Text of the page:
|A104 : by Tony Garland |
Regarding your first question, I would say that “no” we are not “part of Israel” as gentile Christians. Both Jewish and Gentile Christians today make up the “Church” the “body of Christ” or “one new man” which Paul discusses in Ephesians 2. We, as Gentiles, were aliens from the commonwealth of Israel and strangers from the covenants of promise (Eph. 2:12), but now we have been brought near through Christ. But notice that we are not said to be “part of Israel” or a “new Israel.” Instead, both Jews and Gentiles are said to be joined into a new spiritual body, the one new man (Eph. 2:15). Another evidence that we are not “part of Israel” is found by carefully examining Paul's use of the term “Israel” in Romans 9-11, and especially chapter 11. There, it will be found that “Israel” still refers to Jews. Especially note the following in chapter 11:
- Gentiles are continually being saved, whereas Israel has been blinded in part (Rom. 11:25).
- Paul distinguishes between the “fullness of Gentiles” that are grafted in the process of being saved vs. “all Israel” which will be saved yet future (Rom. 11:26).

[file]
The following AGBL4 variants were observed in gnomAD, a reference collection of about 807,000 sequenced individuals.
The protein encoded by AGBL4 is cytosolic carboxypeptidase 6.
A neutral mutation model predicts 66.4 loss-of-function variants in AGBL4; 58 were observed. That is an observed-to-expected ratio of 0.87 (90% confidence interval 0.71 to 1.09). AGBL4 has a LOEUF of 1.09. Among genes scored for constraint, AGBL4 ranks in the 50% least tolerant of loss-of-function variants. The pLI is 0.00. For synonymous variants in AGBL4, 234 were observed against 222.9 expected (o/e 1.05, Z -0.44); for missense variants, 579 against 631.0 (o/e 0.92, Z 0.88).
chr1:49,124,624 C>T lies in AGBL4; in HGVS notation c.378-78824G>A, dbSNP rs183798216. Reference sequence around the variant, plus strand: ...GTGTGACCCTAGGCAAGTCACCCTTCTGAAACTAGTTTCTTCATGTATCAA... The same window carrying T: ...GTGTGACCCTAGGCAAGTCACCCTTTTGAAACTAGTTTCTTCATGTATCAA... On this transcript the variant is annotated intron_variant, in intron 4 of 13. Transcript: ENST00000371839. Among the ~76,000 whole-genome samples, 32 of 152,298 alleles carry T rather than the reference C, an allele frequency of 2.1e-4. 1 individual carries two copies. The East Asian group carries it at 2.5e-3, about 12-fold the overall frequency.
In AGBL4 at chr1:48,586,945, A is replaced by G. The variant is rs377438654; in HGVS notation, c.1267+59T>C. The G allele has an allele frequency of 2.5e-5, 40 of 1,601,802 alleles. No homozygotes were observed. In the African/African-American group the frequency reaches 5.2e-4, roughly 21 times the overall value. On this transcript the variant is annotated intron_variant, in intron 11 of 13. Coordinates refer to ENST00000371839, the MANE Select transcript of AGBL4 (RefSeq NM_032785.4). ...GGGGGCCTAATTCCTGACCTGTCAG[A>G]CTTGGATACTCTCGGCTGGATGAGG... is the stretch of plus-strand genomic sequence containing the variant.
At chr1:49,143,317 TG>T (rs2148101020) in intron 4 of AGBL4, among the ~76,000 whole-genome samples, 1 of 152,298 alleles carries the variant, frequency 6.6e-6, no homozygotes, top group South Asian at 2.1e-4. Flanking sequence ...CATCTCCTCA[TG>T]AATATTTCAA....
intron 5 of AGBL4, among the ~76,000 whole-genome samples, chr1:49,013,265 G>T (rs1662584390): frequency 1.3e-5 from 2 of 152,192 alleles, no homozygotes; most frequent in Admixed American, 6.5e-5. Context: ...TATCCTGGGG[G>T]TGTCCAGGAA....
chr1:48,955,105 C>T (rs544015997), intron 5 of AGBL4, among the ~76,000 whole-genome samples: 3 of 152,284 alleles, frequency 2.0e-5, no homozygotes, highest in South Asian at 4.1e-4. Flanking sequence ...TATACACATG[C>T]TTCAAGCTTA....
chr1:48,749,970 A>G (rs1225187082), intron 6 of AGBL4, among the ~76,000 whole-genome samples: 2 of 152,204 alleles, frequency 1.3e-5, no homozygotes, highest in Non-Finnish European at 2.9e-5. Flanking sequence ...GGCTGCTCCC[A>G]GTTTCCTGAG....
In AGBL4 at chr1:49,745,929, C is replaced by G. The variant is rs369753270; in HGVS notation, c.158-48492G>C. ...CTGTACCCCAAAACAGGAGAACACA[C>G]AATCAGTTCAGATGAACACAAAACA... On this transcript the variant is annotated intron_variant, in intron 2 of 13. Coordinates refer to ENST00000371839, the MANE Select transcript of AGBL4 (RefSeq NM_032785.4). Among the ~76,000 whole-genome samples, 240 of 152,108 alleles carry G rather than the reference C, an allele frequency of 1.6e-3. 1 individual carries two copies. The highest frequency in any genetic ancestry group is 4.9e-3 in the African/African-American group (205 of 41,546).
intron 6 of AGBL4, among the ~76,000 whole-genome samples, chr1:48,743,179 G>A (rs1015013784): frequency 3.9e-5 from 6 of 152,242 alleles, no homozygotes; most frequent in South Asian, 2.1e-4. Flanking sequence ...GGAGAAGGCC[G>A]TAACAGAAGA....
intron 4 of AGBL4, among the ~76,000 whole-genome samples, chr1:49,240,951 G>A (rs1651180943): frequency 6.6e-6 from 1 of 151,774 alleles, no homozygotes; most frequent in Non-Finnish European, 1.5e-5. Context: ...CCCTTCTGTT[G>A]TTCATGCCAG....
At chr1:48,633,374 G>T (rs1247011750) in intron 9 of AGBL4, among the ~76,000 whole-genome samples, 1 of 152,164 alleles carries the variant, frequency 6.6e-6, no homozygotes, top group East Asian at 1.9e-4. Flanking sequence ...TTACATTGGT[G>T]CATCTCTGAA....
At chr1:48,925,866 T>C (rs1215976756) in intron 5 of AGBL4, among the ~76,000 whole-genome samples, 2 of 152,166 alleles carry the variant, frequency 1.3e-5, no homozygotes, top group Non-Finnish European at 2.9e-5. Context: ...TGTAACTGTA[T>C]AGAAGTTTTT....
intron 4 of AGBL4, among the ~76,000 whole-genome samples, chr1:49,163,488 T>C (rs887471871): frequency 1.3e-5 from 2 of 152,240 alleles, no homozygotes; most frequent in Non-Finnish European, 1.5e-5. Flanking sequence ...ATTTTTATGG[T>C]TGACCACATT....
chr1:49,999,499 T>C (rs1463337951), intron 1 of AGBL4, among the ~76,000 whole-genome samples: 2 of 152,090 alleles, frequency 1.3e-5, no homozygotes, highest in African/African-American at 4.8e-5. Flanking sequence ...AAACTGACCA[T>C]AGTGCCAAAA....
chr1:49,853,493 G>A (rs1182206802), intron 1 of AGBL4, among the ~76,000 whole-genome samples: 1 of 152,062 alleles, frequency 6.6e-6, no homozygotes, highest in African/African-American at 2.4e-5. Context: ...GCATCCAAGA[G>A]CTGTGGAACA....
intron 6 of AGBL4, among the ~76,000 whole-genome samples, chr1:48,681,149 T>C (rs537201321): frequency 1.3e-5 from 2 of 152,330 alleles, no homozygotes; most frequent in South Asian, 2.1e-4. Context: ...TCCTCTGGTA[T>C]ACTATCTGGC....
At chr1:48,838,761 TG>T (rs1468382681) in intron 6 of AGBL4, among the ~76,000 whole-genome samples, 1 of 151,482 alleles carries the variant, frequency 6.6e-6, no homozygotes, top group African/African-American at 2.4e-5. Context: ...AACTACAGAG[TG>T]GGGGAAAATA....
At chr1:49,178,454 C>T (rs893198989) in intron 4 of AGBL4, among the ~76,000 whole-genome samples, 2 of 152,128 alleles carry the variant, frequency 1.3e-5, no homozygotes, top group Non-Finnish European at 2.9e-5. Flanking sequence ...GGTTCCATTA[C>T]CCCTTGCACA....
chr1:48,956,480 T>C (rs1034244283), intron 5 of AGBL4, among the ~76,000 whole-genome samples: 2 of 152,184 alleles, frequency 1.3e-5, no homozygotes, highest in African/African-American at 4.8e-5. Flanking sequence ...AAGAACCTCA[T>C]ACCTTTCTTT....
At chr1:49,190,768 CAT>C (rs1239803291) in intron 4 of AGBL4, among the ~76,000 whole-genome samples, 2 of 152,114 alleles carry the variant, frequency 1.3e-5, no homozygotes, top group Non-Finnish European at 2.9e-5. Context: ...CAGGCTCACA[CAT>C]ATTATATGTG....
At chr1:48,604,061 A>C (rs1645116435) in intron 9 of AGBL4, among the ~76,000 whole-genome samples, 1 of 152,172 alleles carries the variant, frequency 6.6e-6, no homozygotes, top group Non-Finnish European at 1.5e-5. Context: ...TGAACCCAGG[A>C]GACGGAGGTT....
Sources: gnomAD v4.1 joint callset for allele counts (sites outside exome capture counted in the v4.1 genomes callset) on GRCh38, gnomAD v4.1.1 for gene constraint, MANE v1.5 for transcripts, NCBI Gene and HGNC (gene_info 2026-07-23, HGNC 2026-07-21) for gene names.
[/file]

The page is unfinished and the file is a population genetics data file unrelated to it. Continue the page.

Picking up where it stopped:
- Paul says that “Israel,” concerning the gospel, are enemies, but concerning the fathers they are beloved (Rom. 11:28). If Gentile believers are “part of Israel,” how can Israel be enemies of the gospel? Clearly, Paul uses the term “Israel” consistently to always describe Jews: either unbelieving Jews (as here) or Jewish believers (Rom. 9:6 cf. Gal. 6:16).
Notice that Paul knows nothing of the imprecise New Testament interpretation so prevalent in our time which applies the term “Israel” to Gentile believers. In different passages, Paul distinguishes several categories, all involving those of Jewish descent from the man Jacob (who is Israel):
- Believing Jews, the “Israel of God,” the true Jews (Rom. 2:28-29) who are Jewish by physical descent and trust in Christ.
- Unbelieving Jews (Israel in Romans 11), the “synagogue of Satan” (Rev. 2:9; 3:9) who are not considered to be true Jews (Rom. 2:28-29). They are physical descendants of the man Israel (“of Israel” but not considered to be true Israel in that they lack faith. They are “of Israel,” but “not Israel” because they lack the faith of Father Abraham (Rom. 9:6). In limited contexts, to make a point, they are said to not be “Israel” or “Jews” in the sense that they failed to accept Messiah Jesus and have rejected the faith.